Over all, the Directive strikes a fair balance between the citizens’ rights to move freely cross border to access health care services and the need for the Member States to control over their health budgets. Yet, the specific power that Member States retain in the organisation, management, production, supply and financing of their national welfare systems often represent an obstacle to patients’ freedom of cross-border movement.

Accordingly, a few questions arise: might one state then that patients’ rights to access health care services depend upon Member States’ budgets? Are we facing a time in which the principle that defines many legal systems, especially European ones, according to which “everyone is entitled to access health care services regardless their wealth” is about to give way to financial sustainability? In the light of the pandemic, how will cross-border health care be influenced? Will it be definitely be hindered by COVID-19 related health restrictions?

7.Directive 2011/24/EU and the Rome Declaration

The Rome Declaration seems to offer some positive responses to the abovementioned questions. To start with, public health should be separated from people’s specific economic and financial conditions. Public health is to remain a fundamental right, which any citizen is entitled to. Member States’ single health care systems should be encouraged to take action to strengthen, widen and promote public health provisions and services. Although some health care services might be subjected to some limited users’ fees, health care provisions should maintain their universal coverage.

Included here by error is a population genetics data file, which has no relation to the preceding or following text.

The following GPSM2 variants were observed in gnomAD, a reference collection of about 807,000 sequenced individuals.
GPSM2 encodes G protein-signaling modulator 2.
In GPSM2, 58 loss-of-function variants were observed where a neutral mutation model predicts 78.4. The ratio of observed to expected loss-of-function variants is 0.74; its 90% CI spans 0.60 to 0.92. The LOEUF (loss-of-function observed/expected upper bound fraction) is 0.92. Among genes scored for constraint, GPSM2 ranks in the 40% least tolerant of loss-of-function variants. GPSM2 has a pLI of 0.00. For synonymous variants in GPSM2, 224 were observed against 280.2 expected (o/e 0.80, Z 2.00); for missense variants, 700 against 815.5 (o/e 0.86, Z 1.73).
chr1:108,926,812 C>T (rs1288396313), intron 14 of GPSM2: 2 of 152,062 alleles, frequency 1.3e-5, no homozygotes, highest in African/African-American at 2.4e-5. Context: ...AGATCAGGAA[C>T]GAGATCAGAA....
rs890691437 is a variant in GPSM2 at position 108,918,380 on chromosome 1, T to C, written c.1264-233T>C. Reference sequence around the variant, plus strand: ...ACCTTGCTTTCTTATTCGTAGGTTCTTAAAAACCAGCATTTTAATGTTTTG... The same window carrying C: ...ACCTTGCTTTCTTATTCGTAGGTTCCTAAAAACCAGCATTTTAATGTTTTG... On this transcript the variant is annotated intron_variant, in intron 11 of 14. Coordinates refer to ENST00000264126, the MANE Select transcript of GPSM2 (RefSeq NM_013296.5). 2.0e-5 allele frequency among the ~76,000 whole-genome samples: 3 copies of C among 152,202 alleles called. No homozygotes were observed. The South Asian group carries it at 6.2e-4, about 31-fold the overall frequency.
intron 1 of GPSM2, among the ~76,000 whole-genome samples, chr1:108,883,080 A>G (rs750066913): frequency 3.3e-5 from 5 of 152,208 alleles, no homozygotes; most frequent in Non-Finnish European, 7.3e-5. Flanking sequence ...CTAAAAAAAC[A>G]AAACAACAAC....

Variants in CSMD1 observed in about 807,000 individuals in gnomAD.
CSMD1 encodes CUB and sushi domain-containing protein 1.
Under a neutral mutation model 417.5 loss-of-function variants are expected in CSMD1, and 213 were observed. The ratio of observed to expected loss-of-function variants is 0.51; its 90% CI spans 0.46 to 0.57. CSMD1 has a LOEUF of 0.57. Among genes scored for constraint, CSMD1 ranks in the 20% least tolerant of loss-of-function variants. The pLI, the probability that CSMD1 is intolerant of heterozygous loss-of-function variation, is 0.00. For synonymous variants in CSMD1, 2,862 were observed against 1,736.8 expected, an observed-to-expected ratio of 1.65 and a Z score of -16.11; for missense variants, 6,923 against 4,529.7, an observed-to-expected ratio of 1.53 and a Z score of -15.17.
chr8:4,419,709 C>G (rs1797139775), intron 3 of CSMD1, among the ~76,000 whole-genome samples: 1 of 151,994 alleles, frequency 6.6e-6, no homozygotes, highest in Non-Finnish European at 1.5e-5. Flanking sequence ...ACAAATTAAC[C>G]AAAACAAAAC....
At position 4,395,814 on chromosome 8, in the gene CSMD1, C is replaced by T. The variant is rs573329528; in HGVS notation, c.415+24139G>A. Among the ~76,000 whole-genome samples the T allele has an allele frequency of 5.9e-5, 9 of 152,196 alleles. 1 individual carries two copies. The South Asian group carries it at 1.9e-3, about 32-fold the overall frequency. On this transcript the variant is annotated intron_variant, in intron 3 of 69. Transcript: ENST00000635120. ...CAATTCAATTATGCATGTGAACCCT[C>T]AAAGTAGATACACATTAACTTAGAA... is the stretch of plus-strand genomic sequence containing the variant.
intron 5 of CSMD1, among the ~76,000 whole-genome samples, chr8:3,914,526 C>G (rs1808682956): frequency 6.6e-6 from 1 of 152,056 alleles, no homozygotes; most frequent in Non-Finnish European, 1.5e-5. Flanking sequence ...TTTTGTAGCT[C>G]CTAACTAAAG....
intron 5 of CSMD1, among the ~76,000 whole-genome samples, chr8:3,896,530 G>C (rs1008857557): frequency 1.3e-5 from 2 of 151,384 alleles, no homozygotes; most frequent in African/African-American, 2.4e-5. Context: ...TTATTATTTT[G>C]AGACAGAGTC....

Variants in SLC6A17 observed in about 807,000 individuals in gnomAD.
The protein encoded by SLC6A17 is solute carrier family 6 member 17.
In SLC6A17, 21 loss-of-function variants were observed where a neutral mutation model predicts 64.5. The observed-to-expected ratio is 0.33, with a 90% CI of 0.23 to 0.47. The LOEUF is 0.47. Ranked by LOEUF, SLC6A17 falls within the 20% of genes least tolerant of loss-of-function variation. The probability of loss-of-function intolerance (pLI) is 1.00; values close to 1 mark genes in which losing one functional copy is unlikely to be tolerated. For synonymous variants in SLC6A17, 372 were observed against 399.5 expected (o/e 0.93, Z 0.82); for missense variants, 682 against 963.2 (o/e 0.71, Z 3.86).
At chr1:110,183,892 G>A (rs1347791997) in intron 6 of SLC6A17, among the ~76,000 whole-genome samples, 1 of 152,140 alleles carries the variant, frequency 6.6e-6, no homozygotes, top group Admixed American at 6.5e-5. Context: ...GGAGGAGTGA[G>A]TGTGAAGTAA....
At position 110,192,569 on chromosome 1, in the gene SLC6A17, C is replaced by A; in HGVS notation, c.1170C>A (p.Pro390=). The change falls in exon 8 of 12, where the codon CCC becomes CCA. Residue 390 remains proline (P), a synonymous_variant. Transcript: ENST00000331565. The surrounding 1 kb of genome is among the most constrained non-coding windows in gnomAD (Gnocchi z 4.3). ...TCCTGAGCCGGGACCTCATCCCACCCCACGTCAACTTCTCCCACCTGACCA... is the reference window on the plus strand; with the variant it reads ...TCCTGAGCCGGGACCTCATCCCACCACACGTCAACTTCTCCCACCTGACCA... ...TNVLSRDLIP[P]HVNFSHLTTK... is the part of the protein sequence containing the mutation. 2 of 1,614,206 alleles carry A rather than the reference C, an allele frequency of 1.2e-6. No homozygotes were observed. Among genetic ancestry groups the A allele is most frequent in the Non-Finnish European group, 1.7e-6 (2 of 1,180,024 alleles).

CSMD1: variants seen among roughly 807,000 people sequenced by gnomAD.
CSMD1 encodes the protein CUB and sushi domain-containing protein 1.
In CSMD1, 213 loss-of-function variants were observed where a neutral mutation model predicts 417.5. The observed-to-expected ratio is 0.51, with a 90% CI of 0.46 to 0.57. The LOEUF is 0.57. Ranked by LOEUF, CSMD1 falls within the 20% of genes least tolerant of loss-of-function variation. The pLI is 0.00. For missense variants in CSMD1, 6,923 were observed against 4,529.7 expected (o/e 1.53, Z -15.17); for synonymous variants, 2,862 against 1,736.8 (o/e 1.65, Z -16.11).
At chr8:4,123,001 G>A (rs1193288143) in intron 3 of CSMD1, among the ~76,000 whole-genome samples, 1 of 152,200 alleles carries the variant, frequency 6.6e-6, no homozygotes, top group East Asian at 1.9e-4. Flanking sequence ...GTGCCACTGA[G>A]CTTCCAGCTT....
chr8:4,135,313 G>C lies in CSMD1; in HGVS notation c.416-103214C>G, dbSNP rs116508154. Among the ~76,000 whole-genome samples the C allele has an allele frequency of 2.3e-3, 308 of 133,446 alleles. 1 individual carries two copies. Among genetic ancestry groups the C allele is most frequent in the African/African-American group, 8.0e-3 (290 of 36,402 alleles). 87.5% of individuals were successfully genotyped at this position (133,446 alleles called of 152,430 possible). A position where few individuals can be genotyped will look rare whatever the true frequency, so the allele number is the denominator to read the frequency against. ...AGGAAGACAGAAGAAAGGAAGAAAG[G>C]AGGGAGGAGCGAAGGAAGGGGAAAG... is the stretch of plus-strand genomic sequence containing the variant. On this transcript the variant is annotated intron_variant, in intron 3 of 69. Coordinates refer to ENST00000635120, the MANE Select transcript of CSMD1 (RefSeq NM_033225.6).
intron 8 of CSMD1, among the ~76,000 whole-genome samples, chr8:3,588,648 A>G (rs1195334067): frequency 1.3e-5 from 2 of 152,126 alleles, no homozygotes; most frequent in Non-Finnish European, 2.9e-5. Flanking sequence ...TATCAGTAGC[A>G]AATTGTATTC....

Secondly, health care systems need more investments and better governance. Investments are to channelled both through public bodies and private organisations. The pandemic has stressed the importance of creating and strengthening welfare systems in which public authorities and private entities, both for-profit and non-profit, establish effective, sustainable and durable public-private partnerships. As far as governance is concerned, it too needs to be revised and reframed to make it more inclusive, multilevel and patient-centred. In particular, it has been clear that public authorities need to engage private organisations not only in the provision of health care services but also in their projecting and programming.